Monday, October 5, 2015

Present Moment Practice

Present Moment Practice

     As I was thinking about this week’s yoga practice and what I wanted to teach, the thought came to me about my introduction to yoga back in college in the late seventies and early eighties. I was a theater major and at the beginning of every acting class we practiced meditation and yoga to help us be in the present moment for our acting work.

    Now, back then I loved acting but being in the moment was the least of my worries. I was much more concerned with parties and sorority pals and term papers and tests than any of that hippy dippy meditation and yoga stuff.

    But I did like the yoga practice our professor insisted we do before we got started with class. I would find it easier and easier to drop into meditation and I loved the way I felt after a yoga flow.  At the time, I didn’t appreciate the benefits of practicing for an aspiring actress, let alone for a college student. But my professor knew. He was preparing us for much more than stage or screen.

     What is this present moment awareness thing anyway? Sometimes it’s easier to know something by what it isn’t so I present my case. I find myself all these many years after college still consumed with everything BUT the present moment. I make exhaustive lists for the week ahead. I let my mind wander while I am driving so that often I reach my destination not knowing how I got there. I can take care of seventeen things at once, not doing anything extremely well. And what’s worse, I can hold a conversation with a dear friend and not really be there for her, thinking about anything but the conversation we are having.

     When I think of actors who are masters at present moment consciousness I think of Meryl Streep of course. Her performances are flawless as she embodies each character, seemingly stepping right into their skin. Watch how she relates to the other characters on screen. Every fiber of her body is right there with them in the scene. That is the definition of a “generous” actor. We hear that term used to describe someone who is truly present on stage or on the screen. They are rooted in the moment, they listen, they respond appropriately and it works! (And that’s why they win awards.)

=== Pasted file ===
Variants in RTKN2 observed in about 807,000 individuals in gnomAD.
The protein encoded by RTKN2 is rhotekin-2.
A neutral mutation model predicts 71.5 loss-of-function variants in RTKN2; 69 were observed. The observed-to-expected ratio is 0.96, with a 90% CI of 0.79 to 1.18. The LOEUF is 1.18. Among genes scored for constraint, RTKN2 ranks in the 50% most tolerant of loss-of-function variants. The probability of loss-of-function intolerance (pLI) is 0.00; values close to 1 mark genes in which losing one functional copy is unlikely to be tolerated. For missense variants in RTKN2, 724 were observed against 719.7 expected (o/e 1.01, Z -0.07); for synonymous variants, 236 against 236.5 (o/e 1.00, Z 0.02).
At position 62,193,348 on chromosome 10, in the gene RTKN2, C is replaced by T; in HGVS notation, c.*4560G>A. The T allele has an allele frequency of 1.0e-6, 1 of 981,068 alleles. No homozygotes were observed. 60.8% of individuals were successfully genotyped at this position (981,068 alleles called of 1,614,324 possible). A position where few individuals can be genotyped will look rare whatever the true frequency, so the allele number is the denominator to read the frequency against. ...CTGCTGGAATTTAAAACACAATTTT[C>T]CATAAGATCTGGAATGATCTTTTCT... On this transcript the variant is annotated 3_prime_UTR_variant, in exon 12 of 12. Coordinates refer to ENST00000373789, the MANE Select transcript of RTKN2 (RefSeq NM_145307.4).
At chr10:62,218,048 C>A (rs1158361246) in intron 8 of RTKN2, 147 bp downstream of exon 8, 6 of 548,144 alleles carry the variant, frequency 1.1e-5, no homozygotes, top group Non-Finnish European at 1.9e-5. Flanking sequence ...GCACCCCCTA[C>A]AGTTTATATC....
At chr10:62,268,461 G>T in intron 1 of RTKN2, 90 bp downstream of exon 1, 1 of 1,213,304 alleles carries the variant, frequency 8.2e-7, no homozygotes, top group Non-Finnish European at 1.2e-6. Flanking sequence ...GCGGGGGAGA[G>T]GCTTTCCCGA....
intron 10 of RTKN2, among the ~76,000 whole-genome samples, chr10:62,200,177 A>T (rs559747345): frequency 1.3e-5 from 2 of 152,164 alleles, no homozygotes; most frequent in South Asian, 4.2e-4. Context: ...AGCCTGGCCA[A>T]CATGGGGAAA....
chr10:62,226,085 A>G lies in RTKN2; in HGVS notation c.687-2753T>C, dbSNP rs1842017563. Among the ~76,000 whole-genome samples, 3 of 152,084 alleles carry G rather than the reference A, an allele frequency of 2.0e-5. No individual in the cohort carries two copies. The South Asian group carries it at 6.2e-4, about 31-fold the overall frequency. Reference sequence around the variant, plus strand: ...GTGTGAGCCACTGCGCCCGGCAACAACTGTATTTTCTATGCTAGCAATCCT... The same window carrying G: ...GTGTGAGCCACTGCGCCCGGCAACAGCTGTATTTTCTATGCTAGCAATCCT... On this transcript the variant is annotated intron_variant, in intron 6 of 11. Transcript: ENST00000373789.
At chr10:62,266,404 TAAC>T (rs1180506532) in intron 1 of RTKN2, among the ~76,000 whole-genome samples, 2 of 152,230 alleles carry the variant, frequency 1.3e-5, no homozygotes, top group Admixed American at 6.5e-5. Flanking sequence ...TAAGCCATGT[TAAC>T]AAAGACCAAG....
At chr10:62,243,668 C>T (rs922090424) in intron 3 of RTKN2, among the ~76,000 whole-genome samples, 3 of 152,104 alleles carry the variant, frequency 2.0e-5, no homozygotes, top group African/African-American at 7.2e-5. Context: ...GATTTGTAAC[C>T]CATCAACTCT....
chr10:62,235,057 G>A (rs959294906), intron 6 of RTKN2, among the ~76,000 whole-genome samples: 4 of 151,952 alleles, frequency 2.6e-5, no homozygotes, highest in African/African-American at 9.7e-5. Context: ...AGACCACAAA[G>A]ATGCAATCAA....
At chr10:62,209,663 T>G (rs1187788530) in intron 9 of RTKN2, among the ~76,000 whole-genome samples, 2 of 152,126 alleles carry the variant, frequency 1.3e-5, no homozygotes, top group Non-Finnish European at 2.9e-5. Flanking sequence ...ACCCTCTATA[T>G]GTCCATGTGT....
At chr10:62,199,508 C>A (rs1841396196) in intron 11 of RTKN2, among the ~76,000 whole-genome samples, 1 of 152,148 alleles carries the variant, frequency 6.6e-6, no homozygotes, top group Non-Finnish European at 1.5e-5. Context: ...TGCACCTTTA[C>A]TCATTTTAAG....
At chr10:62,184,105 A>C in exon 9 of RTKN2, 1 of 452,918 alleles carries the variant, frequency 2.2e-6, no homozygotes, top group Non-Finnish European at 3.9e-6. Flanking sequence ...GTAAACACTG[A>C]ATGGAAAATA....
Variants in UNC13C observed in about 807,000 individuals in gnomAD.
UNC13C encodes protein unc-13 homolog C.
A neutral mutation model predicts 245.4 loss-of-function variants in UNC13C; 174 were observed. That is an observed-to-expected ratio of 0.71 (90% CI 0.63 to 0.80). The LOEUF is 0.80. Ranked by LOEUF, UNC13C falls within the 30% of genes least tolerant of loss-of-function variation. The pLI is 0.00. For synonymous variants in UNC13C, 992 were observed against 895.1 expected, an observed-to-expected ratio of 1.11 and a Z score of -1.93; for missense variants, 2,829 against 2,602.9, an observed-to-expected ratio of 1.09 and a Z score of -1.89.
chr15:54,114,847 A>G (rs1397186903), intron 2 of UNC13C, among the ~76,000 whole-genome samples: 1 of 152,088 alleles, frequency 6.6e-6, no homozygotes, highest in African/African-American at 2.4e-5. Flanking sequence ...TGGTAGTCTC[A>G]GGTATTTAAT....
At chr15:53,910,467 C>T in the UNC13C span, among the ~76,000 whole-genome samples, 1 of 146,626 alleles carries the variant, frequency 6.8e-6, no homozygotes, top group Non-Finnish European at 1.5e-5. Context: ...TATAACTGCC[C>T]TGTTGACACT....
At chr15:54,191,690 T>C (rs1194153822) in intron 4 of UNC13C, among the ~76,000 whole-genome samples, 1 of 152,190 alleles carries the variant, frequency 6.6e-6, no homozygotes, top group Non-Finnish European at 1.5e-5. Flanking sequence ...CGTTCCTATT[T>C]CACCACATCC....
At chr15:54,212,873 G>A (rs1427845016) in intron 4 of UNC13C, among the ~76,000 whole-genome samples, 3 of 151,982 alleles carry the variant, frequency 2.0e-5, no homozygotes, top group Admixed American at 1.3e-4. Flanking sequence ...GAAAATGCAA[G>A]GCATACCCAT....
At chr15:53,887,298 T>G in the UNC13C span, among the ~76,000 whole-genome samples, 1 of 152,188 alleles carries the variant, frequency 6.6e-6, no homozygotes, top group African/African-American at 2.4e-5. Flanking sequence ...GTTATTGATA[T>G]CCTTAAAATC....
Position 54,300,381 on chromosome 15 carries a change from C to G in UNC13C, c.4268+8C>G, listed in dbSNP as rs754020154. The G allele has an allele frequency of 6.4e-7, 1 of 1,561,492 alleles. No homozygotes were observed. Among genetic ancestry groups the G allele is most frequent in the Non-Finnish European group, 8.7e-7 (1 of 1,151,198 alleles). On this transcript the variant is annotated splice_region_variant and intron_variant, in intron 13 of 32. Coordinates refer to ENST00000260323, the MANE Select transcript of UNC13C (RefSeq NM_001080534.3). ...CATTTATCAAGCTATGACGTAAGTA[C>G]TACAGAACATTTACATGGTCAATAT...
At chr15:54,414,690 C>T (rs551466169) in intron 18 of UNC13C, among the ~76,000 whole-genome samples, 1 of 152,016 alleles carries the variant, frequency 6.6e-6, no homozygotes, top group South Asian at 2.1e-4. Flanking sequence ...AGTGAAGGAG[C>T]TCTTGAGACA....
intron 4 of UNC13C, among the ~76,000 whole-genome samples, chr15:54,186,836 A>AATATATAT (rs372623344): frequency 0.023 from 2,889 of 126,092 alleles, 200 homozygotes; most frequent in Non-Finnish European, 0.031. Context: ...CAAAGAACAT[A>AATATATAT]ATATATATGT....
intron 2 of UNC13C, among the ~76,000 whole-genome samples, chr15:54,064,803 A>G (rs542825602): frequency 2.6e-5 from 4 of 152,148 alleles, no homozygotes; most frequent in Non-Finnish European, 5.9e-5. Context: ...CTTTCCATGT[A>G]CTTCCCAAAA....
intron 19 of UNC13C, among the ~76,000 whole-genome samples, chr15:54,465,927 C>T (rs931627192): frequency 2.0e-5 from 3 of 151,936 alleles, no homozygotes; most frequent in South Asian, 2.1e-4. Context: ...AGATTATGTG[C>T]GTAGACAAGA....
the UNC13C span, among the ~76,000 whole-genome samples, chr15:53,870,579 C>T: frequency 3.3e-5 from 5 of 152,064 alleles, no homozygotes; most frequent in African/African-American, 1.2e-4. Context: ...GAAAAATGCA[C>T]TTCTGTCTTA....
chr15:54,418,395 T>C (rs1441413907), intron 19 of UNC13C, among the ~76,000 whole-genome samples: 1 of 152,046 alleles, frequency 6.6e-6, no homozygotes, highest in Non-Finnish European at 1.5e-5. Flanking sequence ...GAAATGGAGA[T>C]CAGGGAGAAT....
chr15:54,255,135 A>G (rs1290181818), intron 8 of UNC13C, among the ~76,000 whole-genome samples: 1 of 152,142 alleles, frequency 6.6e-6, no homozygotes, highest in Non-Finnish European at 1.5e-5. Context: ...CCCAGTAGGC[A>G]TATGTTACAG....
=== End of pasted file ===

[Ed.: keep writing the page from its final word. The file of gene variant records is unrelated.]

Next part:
But off stage and off screen, being in the present, for me, looks like someone who is confident, calm, compassionate, creative and clear-minded. (I realized I had four C’s there so I just went with it.) Think about people in whose presence you feel these things yourself when you are with them. Presence is contagious. Here are just some of the qualities I have come to associate with being in the present moment:

      1.     rooted
      2.     flexible
      3.     balanced
      4.     loving
      5.     clear thinkers and communicators
      6.     peaceful
      7.     grateful
8.   creative
      9.     happy
     Reminds me of the poses we practice on the yoga mat. You? We root as we stand in mountain pose, prepared for anything. We remain flexible as we flow through postures making shapes but not being attached to any sort of perfection. We practice balance poses like tree to remind the brain to help us in this regard in all aspects of our lives. We open our hearts in cobra and upward facing dog, showing the world our vulnerability as well as our great love. Inversions help us to see things in a different way, meditation brings us back to our center and the whole shebang contributes to our overall health and wellbeing, aka happiness. I could go on and on…

     You don’t have to be an actor or a yogi to appreciate the many benefits of being in the present moment. But for me, as a new yoga teacher I feel more responsible than ever for finding this elusive present moment so that I can be authentic with my students. So I practice. 


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